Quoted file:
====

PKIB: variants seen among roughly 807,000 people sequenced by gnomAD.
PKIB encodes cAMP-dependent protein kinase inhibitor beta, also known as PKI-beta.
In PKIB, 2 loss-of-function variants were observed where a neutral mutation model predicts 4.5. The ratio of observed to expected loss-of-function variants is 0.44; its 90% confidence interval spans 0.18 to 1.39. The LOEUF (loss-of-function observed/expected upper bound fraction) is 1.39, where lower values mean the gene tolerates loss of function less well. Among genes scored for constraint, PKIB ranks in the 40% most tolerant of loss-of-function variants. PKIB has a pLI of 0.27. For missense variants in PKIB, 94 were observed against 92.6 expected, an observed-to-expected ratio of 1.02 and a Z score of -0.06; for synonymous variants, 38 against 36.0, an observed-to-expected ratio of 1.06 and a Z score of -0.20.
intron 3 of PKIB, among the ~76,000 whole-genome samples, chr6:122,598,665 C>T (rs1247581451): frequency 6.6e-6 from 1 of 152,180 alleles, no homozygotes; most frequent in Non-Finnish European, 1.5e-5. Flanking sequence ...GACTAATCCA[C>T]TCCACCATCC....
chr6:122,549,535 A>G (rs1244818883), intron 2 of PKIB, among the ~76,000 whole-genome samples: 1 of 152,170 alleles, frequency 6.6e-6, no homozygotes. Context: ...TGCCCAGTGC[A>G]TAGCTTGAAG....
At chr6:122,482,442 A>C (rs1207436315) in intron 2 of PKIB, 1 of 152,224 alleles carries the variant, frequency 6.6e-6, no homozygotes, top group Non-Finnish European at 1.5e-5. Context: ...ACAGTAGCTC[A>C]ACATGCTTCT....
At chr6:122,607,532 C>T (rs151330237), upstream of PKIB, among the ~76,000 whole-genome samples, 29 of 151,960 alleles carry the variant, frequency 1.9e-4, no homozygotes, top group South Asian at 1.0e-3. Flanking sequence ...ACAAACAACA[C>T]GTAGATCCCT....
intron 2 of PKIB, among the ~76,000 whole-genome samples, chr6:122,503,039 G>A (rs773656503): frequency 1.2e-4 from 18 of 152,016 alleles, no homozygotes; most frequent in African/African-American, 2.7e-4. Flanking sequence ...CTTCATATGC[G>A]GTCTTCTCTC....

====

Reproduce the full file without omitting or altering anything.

PKIB: variants seen among roughly 807,000 people sequenced by gnomAD.
PKIB encodes cAMP-dependent protein kinase inhibitor beta, also known as PKI-beta.
In PKIB, 2 loss-of-function variants were observed where a neutral mutation model predicts 4.5. The ratio of observed to expected loss-of-function variants is 0.44; its 90% confidence interval spans 0.18 to 1.39. The LOEUF (loss-of-function observed/expected upper bound fraction) is 1.39, where lower values mean the gene tolerates loss of function less well. Among genes scored for constraint, PKIB ranks in the 40% most tolerant of loss-of-function variants. PKIB has a pLI of 0.27. For missense variants in PKIB, 94 were observed against 92.6 expected, an observed-to-expected ratio of 1.02 and a Z score of -0.06; for synonymous variants, 38 against 36.0, an observed-to-expected ratio of 1.06 and a Z score of -0.20.
intron 3 of PKIB, among the ~76,000 whole-genome samples, chr6:122,598,665 C>T (rs1247581451): frequency 6.6e-6 from 1 of 152,180 alleles, no homozygotes; most frequent in Non-Finnish European, 1.5e-5. Flanking sequence ...GACTAATCCA[C>T]TCCACCATCC....
chr6:122,549,535 A>G (rs1244818883), intron 2 of PKIB, among the ~76,000 whole-genome samples: 1 of 152,170 alleles, frequency 6.6e-6, no homozygotes. Context: ...TGCCCAGTGC[A>G]TAGCTTGAAG....
At chr6:122,482,442 A>C (rs1207436315) in intron 2 of PKIB, 1 of 152,224 alleles carries the variant, frequency 6.6e-6, no homozygotes, top group Non-Finnish European at 1.5e-5. Context: ...ACAGTAGCTC[A>C]ACATGCTTCT....
At chr6:122,607,532 C>T (rs151330237), upstream of PKIB, among the ~76,000 whole-genome samples, 29 of 151,960 alleles carry the variant, frequency 1.9e-4, no homozygotes, top group South Asian at 1.0e-3. Flanking sequence ...ACAAACAACA[C>T]GTAGATCCCT....
intron 2 of PKIB, among the ~76,000 whole-genome samples, chr6:122,503,039 G>A (rs773656503): frequency 1.2e-4 from 18 of 152,016 alleles, no homozygotes; most frequent in African/African-American, 2.7e-4. Flanking sequence ...CTTCATATGC[G>A]GTCTTCTCTC....